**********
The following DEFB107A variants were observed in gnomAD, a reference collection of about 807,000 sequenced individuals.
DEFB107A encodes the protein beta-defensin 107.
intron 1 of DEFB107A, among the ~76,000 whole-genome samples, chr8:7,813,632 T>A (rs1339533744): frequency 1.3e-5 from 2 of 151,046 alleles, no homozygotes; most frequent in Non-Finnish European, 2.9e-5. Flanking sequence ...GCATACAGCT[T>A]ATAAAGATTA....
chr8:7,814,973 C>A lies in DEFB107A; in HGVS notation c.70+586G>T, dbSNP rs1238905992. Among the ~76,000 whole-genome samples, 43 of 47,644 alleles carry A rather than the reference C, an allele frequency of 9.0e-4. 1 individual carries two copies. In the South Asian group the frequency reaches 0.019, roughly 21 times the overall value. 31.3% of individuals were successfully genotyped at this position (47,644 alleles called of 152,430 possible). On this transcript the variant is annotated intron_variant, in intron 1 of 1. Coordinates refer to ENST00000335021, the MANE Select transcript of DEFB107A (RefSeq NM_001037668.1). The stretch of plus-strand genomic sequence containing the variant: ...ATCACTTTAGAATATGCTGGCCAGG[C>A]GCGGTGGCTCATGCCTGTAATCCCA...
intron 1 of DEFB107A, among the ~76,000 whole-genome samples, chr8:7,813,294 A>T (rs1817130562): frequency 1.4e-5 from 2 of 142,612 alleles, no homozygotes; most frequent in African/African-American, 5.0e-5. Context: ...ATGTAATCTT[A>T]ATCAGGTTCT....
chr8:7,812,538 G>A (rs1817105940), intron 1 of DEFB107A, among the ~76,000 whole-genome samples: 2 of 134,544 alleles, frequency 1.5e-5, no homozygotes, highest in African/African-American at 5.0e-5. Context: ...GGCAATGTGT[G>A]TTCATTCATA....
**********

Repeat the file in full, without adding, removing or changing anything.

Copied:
The following DEFB107A variants were observed in gnomAD, a reference collection of about 807,000 sequenced individuals.
DEFB107A encodes the protein beta-defensin 107.
intron 1 of DEFB107A, among the ~76,000 whole-genome samples, chr8:7,813,632 T>A (rs1339533744): frequency 1.3e-5 from 2 of 151,046 alleles, no homozygotes; most frequent in Non-Finnish European, 2.9e-5. Flanking sequence ...GCATACAGCT[T>A]ATAAAGATTA....
chr8:7,814,973 C>A lies in DEFB107A; in HGVS notation c.70+586G>T, dbSNP rs1238905992. Among the ~76,000 whole-genome samples, 43 of 47,644 alleles carry A rather than the reference C, an allele frequency of 9.0e-4. 1 individual carries two copies. In the South Asian group the frequency reaches 0.019, roughly 21 times the overall value. 31.3% of individuals were successfully genotyped at this position (47,644 alleles called of 152,430 possible). On this transcript the variant is annotated intron_variant, in intron 1 of 1. Coordinates refer to ENST00000335021, the MANE Select transcript of DEFB107A (RefSeq NM_001037668.1). The stretch of plus-strand genomic sequence containing the variant: ...ATCACTTTAGAATATGCTGGCCAGG[C>A]GCGGTGGCTCATGCCTGTAATCCCA...
intron 1 of DEFB107A, among the ~76,000 whole-genome samples, chr8:7,813,294 A>T (rs1817130562): frequency 1.4e-5 from 2 of 142,612 alleles, no homozygotes; most frequent in African/African-American, 5.0e-5. Context: ...ATGTAATCTT[A>T]ATCAGGTTCT....
chr8:7,812,538 G>A (rs1817105940), intron 1 of DEFB107A, among the ~76,000 whole-genome samples: 2 of 134,544 alleles, frequency 1.5e-5, no homozygotes, highest in African/African-American at 5.0e-5. Context: ...GGCAATGTGT[G>A]TTCATTCATA....